Nestled in the picturesque village of Puthi Mangal, where the breeze carries the melodies of ancient traditions, we discovered a hidden gem – Kirshan and his dedicated group of folk musicians. Their passion for preserving Haryana’s rich cultural heritage through music left us spellbound during our visit with Team Anahad. From the moment we arrived, the warmth of the villagers enveloped us, and we were greeted with open arms and love. The excitement in their eyes was palpable, a testament to the importance of music and art in their lives.

Kirshan, the torchbearer of this musical legacy, learned the art of music from his father, Chhaju Ram. Their journey together began as his father sang at various gatherings, and Kirshan penned down heartfelt lyrics. In 2002, Kirshan embarked on his own musical voyage, starting with humble performances at school. Today, he not only sings professionally but also leads a group formed in 2012, spreading the magic of folk music far and wide.

What sets Kirshan apart is his commitment to using music as a powerful medium for change. He writes his own songs, addressing critical issues such as alcoholism, dowry, the importance of education, and gender equality. His lyrics are a testament to the belief that strong messages can be conveyed through folk songs, and he strives to inspire the youth to embrace their roots.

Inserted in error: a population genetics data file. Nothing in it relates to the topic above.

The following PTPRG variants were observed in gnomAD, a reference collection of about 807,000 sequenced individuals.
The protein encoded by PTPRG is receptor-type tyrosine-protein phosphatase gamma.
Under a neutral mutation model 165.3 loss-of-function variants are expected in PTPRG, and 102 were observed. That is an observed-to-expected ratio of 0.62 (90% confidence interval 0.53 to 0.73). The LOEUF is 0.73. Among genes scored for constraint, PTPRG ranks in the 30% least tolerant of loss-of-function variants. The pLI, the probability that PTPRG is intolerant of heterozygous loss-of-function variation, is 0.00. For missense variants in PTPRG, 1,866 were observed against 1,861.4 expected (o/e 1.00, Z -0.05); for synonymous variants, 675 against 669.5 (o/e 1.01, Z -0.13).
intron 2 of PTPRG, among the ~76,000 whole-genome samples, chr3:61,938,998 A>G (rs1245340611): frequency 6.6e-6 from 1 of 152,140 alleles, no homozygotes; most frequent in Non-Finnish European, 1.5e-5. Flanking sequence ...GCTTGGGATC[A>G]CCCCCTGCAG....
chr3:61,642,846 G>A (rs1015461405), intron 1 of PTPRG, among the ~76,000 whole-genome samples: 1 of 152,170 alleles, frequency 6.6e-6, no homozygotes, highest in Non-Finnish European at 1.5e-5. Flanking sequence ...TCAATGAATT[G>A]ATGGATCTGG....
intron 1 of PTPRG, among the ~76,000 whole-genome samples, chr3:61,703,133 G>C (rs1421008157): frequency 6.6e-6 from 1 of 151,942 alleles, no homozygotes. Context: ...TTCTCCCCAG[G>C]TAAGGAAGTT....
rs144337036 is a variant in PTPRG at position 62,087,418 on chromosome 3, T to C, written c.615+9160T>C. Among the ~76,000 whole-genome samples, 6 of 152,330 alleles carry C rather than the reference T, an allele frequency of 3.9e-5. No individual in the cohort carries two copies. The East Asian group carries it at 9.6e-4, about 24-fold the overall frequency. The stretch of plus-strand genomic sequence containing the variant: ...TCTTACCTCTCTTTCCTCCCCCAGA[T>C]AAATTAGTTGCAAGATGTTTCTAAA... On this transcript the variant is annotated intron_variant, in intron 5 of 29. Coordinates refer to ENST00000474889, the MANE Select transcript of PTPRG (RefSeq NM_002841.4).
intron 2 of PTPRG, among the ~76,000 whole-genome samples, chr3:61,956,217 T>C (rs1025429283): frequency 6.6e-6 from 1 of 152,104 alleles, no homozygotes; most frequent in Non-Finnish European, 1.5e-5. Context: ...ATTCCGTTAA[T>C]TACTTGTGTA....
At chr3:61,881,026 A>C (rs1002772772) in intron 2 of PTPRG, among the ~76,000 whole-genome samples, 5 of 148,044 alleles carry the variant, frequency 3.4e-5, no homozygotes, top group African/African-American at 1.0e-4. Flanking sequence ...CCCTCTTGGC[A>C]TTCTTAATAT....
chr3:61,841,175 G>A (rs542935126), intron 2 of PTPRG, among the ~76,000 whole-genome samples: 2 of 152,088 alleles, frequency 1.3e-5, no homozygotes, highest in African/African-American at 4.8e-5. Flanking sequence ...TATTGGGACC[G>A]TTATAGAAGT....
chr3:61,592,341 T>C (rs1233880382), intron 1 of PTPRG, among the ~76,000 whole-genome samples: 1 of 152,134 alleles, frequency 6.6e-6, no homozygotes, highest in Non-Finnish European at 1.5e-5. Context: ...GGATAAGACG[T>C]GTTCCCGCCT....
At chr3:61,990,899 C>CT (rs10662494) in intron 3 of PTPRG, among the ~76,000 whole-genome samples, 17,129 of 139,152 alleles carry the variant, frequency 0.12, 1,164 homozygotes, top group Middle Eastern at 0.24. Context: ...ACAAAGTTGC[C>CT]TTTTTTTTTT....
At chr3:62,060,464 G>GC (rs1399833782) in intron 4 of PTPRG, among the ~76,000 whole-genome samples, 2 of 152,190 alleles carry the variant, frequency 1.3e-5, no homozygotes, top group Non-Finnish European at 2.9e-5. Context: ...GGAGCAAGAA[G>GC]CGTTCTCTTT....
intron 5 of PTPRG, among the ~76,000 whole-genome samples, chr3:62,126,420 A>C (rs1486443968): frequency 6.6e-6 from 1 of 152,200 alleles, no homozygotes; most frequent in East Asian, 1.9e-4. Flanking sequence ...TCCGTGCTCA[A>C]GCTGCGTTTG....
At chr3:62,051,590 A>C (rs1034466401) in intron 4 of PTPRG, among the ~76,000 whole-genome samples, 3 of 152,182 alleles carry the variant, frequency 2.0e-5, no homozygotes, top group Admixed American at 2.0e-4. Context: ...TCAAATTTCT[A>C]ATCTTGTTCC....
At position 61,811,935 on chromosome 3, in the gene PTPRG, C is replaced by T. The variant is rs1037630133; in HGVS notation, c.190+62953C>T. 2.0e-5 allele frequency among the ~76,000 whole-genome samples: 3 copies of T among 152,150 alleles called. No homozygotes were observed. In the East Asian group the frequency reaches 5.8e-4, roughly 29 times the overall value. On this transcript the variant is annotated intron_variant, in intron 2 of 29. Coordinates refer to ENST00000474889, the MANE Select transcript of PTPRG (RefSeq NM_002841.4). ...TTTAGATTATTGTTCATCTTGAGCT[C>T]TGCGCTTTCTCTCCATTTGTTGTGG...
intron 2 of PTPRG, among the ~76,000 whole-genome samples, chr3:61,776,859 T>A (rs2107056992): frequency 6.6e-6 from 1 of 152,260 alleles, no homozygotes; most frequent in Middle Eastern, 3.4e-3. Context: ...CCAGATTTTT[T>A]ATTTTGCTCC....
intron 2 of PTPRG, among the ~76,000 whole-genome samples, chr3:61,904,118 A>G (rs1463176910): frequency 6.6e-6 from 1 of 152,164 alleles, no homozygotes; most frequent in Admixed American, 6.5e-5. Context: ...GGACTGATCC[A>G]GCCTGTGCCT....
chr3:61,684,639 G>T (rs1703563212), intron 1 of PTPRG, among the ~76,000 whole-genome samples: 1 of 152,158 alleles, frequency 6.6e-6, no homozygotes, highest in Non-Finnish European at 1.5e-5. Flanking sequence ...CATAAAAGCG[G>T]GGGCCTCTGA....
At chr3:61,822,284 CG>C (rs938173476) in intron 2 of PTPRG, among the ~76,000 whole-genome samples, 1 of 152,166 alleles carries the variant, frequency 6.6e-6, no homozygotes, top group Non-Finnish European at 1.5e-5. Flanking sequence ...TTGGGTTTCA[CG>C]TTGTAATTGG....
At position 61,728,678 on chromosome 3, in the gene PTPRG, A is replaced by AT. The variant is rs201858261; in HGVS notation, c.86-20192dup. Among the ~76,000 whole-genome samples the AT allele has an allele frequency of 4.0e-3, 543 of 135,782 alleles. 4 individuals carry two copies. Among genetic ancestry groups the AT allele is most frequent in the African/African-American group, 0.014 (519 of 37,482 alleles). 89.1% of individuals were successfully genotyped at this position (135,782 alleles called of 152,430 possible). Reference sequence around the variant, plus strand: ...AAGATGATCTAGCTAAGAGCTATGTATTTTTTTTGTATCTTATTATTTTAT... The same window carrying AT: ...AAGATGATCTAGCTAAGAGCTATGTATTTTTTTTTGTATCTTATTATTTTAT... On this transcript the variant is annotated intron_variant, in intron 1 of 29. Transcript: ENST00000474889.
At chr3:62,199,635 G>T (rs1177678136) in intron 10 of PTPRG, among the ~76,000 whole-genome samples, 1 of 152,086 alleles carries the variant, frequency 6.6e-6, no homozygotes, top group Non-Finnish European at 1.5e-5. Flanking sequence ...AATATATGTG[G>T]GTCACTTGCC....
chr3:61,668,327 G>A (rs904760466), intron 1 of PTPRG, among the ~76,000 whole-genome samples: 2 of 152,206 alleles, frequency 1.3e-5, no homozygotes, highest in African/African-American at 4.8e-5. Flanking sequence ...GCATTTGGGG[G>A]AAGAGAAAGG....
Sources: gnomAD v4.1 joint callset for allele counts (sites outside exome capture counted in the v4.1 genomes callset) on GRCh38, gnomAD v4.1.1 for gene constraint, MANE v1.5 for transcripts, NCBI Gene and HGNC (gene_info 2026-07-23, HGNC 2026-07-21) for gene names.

One of Kirshan’s most poignant songs highlights the importance of serving one’s parents, transcending duty to become a privilege, a path to prosperity, and a reflection of one’s character. Through his heartfelt rendition, he encapsulates the deep-rooted cultural values of gratitude and respect, reminding us of the enduring significance of family bonds.

But Kirshan’s mission goes beyond music. He aspires to maintain love and peace in his village and the hearts of its people. His group is a harmonious blend of members from different parts of the village, a symbol of unity and diversity. Through his music, he aims to uplift his community and convey the message that toils and aspirations are the essence of rural life in Haryana.

As the shoot concluded, the artists appreciated the initiative of using technology to support and promote folk artists. Kirshan and his fellow musicians ardently desire the younger generation to learn the art of their homeland. They believe that folk music carries lessons that must not be forgotten, passed down through generations, lest the vibrant tapestry of folk culture fades into obscurity.

In Kirshan’s melodies and the stories of his village, we find a profound connection to the soul of rural India. Through music, unity, and unwavering dedication, Kirshan and his group are sowing the seeds of cultural preservation, one note at a time. Their harmonious journey is a reminder that traditions are not relics of the past but living legacies, waiting for the youth to embrace and nurture.

Hrisha Rashmi (Volunteer)